Campaigns over western Oregon logging ramp up
Aug 27, 2013
By The Associated Press
PORTLAND — Campaigns over proposals to increase logging in western Oregon federal forests are ramping up, and two significant steps are expected within weeks.
The U.S. House plans to take up a bipartisan bill from three Oregon members, and Democratic U.S. Sen. Ron Wyden is expected to reveal his proposals for what are known as the O&C lands. The government has managed the forests since a railroad company went bust in the 19th century and lost its land grants.
Since the 1930s, 75 percent of the gross revenues from timber sold on the lands have gone to 18 western Oregon counties. It costs the government more to put the timber up for sale than it makes when the timber is sold.
Republican Rep. Greg Walden said the House will vote in September on the measure he sponsored with Democratic Reps. Peter DeFazio and Kurt Schrader. It is part of a federal forests bill.
“We will have it out of the House in a few weeks,” he told the Medford Mail Tribune. “Then it will go to the Senate and whatever Senator Wyden is putting together. We will have to work out the differences.”
Their proposal would put about 1.6 million acres into a trust managed by a state board that is aimed at producing higher timber harvests, The Oregonian reported.
Wyden has said he will unveil his legislation after Congress resumes its session next month. He's expected to propose a smaller increase in logging and fewer curbs on environmental restrictions.
The campaigns focus on Wyden, who chairs the Senate Energy and Natural Resources Committee. They pit environmental groups warning of clear-cut logging and lower water quality against the timber industry and local allies in western Oregon counties hurt by the long-term decline in logging.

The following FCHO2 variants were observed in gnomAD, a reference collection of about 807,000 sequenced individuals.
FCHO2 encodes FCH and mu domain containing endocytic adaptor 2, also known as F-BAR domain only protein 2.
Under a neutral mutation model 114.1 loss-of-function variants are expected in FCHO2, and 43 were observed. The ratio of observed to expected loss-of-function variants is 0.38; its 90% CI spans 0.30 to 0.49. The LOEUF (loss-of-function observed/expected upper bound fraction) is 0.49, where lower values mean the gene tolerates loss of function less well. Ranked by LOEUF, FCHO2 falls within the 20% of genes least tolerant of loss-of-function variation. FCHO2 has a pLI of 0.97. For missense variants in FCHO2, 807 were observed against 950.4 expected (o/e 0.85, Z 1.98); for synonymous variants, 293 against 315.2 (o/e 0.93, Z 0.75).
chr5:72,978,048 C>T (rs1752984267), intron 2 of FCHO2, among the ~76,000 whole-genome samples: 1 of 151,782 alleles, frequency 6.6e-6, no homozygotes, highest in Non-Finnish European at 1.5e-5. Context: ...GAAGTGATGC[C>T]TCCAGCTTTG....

Portland-based Oregon Wild has listed the O&C lands as No. 1 on its annual list of “10 Most Endangered Places” in the state, and the Pacific Rivers Council released a nearly 10-minute video calling the O&C legislation a threat to clean water used by some 1.8 million Oregonians.
The video ends by urging viewers to contact Wyden: “He has the opportunity to rectify the threats to clean water proposed in Congressman DeFazio's bill and ensure protections for our rivers are maintained for future generations.”
Several environmental groups have formed the Coalition for Our O&C lands and have been airing a television ad in the state telling viewers “to let Sen. Wyden know we want a balanced proposal to protect Oregon for all of us.”
Supporters of the O&C bill counter that the legislation includes several provisions to protect environmental values, including setting aside some 90,000 acres as wilderness.
Rocky McVay, executive director of the Association of O&C counties, said the conservationists also downplay the environmental damage from wildfires worsened by the lack of management on O&C lands.
County officials have been meeting regularly with Wyden and his staff to urge him to support the bill. An industry-backed group, “Healthy Forests, Healthy Communities” is also drumming up support for the House measure.
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